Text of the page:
Arts & Culture

A vivid life

4 min read

New play aspires to the power of a Rothko

For this weekend only, the Harvard Art Museums will feature two floors’ worth of Rothko.

As part of the “Intersections” series, which juxtaposes student and faculty performances with the Harvard Art Museums’ collections, the Division of Academic and Public Programs will premiere “Red,” a bio-drama about the abstract expressionist Mark Rothko by American writer John Logan. Andrew Gelfand ’15 and Megan Jones ’16, under the tutelage of student outreach and program coordinator Erin Northington, produced the show to work in concert with “Rothko’s Harvard Murals” exhibit.

“Intersections” is “using other forms of artistic expression to interpret and inform the collections here at the museums,” said Gelfand.

Running 90 minutes, “Red” not only provides the contextual fuel to illuminate the layers beneath Rothko’s art, but also captures the fire behind every brush stroke. Opening in Rothko’s Bowery studio in 1958, the play spans two years, with the painter focused on his $35,000 commission for what would become the “Seagram Murals” at the new Four Seasons. “Thirty-five thousand dollars they are paying me,” he says to Ken, his (fictional) assistant and the only other character in the play, with a wry smile. “No other painter comes close.”

The smile is fleeting.

From the outset, it’s evident that Rothko is a complex and tragic figure, brooding with opinions on what art should be and how it should be produced. Ken, played by Kevin Hilgartner ’16, is used to great effect as a foil, bringing forward the painter’s innermost thoughts and desires through argument and discourse. Their war of words — commercialism vs. artistic purity, abstract vs. pop art — is colored with passion.

As a fictional work (if based on real events), the play has the freedom to journey into the myth of the man. The producers took this freedom one step further: Cast in the lead role is Katherine Moon ’14.

“We originally put out the role as a male part and Katherine approached us during common casting,” said Gelfand. “She asked if she could read for Rothko. I was talking to my co-producer and said ‘Why not?’ At the end of the day, she earned the role. Her force, her presence — it really makes this character who he is.”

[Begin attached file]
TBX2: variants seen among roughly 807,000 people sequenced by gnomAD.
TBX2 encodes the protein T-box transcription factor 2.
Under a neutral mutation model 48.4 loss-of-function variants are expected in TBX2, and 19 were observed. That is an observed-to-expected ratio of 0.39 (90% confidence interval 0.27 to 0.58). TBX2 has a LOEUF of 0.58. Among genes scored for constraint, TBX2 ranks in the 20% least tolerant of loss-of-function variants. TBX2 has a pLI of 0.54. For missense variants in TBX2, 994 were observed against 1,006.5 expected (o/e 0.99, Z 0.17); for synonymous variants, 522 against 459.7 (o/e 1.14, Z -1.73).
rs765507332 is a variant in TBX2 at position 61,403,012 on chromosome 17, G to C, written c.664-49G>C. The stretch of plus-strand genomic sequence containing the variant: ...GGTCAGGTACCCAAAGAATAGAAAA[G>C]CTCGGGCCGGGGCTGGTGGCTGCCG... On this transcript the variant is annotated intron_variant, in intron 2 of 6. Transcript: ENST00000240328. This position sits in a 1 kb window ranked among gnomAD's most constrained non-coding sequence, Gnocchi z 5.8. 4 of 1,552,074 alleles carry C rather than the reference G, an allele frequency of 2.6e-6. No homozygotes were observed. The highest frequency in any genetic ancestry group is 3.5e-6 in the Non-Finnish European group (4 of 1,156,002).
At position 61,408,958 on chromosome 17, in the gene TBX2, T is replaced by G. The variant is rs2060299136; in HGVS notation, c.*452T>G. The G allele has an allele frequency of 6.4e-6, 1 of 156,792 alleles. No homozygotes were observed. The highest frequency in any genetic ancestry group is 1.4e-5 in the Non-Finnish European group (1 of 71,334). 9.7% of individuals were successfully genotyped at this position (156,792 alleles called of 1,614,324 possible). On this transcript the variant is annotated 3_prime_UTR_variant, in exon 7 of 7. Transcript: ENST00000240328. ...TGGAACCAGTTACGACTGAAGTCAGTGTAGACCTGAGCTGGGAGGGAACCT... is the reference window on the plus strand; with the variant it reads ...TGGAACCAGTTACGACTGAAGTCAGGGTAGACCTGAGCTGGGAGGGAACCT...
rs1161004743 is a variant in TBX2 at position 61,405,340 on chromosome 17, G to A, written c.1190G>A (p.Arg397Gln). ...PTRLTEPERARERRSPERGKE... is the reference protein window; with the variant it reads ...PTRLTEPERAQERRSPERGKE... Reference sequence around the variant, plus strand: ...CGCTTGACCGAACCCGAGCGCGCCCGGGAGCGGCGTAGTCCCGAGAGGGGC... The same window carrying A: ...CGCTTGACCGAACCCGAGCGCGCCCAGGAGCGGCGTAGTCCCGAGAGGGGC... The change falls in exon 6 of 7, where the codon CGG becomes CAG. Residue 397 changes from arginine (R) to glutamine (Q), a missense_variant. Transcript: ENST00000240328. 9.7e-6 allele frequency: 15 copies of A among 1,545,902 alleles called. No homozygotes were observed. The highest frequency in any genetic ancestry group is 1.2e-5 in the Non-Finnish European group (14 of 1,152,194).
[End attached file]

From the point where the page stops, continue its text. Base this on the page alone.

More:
From the very first line, Moon, as Rothko, challenges the audience to meditate quietly, search deep within, and answer this simple question: “What do you see?”

Ken’s initial response is a timid one, but over the course of the piece he develops the confidence to ask a few questions of his own. The drama between the two men takes the spotlight, with painting serving as a backdrop.

Unfortunately for the production crew, stage directions that called for vibrant scenes of brush strokes and paint mixing had to be nixed. Menschel Hall, the first-floor lecture space designated for the play, is unsuitable for such theatrics. As a compromise, projections designer Daniel Citron built a set of computer animations to be projected in accompaniment to the actors’ performances. Carefully choreographed to demonstrate the act of applying paint, the digital projections cast Rothko’s work in a whole new light. The production team also plans to project animated canvases along the walls and ceilings of the auditorium, to surround every seat in a spectrum of red.

After the curtain call, make sure to take the stairs to Level 3, Room 3500. In the Special Exhibitions Gallery, look for “Panel One.” What do you see? Wait. Move closer. Now, what do you see?

The May 1 performance of “Red,” at 7 p.m., is open to students only; performances Saturday and Sunday (both at 1 p.m.) are open to the public. “Red” is being performed during Arts First (April 30-May 3), an annual festival organized by the Office for the Arts.